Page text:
President William Ruto has failed to actualise almost fifty per cent of the promises he committed to achieving in his first hundred days.
Ruto had promised to lower the cost of living, implement the hustler fund, have 50 per cent of Cabinet positions held by women and appoint judges rejected by former President Uhuru Kenyatta.
He also promised to implement the two-thirds gender rule, define the responsibilities of the Deputy President and Prime Cabinet Secretary, take action on corruption cases he claimed were politically instigated, fund counties in time and return port operations to Mombasa.
Of the promises, only two directly touched on the people’s welfare nationally and only one- the hustler fund- has been implemented.
Out of the nine promises, President Ruto has fulfilled 56 per cent of them missing out on the critical issue of reducing the cost of living which keep rising.
During his inauguration, the president scrapped the fuel subsidy that had cushioned Kenyans from the rising cost of living arguing that the country cannot sustain consumption subsidies in the coming months.
Ken Gichinga, the chief economist at the firm Mentoria Economics, criticises the government's decision to scrap the fuel subsidy which he said has played a major part in raising the cost of living and inflation.
“Removing the subsidy on fuel was not a very sound decision because that’s what has driven up inflation. When the cost of fuel goes up, everything goes up… that would have remained in place so that there is a bit of money circulating in the economy,” argued Gichinga.
However, the president has taken a different strategy of subsidising production where the government has allocated Sh3.55 billion to subsidise fertiliser for growing food crops during the short rains season.
Stay informed. Subscribe to our newsletter
During the Jamuhuri Day celebrations on Monday, President Ruto said that the government will continue with the subsidy programme that has farmers buy a bag of fertiliser at Sh3,500 a bag. “A consignment of two million bags has already landed at the port of Mombasa, and the remaining 4 million will arrive in the first week of January in time for the long rains,” he said.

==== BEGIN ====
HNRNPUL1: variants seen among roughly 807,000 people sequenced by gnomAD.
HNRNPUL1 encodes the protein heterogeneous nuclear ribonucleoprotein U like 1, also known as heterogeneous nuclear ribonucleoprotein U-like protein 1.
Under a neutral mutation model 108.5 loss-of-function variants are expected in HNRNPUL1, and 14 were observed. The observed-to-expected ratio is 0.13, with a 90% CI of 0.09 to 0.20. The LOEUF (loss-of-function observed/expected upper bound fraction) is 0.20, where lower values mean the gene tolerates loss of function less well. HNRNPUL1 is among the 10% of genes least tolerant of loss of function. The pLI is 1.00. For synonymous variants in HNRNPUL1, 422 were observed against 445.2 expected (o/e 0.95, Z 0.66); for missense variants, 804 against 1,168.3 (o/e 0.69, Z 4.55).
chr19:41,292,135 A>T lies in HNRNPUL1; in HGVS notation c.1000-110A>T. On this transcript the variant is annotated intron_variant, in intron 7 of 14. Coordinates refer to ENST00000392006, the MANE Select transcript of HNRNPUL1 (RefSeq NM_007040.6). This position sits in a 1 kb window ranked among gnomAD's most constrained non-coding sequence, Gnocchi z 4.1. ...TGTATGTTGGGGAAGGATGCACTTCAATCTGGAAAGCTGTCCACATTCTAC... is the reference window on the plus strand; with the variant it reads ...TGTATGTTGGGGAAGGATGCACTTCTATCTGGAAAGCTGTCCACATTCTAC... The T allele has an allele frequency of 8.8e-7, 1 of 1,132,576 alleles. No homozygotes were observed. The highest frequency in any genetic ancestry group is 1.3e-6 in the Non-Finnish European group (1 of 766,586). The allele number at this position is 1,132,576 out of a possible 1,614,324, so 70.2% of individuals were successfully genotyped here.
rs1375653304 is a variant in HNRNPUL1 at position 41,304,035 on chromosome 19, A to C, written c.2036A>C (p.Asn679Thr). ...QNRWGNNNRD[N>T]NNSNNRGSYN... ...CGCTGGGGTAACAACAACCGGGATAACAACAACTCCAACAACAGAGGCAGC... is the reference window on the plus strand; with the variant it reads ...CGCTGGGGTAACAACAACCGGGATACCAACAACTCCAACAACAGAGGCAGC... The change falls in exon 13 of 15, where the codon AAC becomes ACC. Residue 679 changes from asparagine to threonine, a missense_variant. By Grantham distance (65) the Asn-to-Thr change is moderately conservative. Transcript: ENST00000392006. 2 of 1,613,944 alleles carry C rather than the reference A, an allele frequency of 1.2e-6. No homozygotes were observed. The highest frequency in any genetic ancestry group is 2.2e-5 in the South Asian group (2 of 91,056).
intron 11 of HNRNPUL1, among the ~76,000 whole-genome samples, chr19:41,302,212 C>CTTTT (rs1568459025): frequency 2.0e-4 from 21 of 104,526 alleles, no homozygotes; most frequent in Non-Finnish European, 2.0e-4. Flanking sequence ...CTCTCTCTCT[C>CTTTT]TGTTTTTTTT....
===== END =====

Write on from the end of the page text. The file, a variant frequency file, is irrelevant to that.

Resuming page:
Fruits of the efforts in the agricultural sector are yet to be seen by many Kenyans who expected a drop in the price of maize flour once the new government took office.
Also, he president took a u-turn in having a gender-balanced Cabinet, breaking the promise he made in the Women's Charter signed in June 2022. Ruto has only seven women among the 22 Cabinet secretaries.
Nevertheless, Ruto sent proposals to the National Assembly to amend the Constitution and even proposed a formula that will guide the computation of the gender ratio in Parliament.
Counties are still starved of funds for October, November and December yet he promised that counties will get funds without delay.
The president has been true to his promise of halting the investigation of cases he claimed were politically instigated. In the last two months, the Directorate of Public Prosecutions (DPP) has withdrawn cases against Deputy President Rigathi Gachagua, Public Service and Agriculture Cabinet secretaries Aisha Jumwa and Mithika Linturi, respectively
Despite the president's push for austerity measures by directing the Treasury to raise Sh300 billion from various ministries, little has been done to put in place a system to stem graft and budgeted corruption.
Governance expert Tom Mboya argues that dealing with corruption may open a gateway to economic recovery at a time Kenya is grappling with high inflation.
“We are losing more than Sh800 billion a year to corruption and official wastage. That is not sustainable. Aggressively dealing with that can register small but quick wins which can begin having the impetus to turn around the economy in a favourable direction,” said Mboya.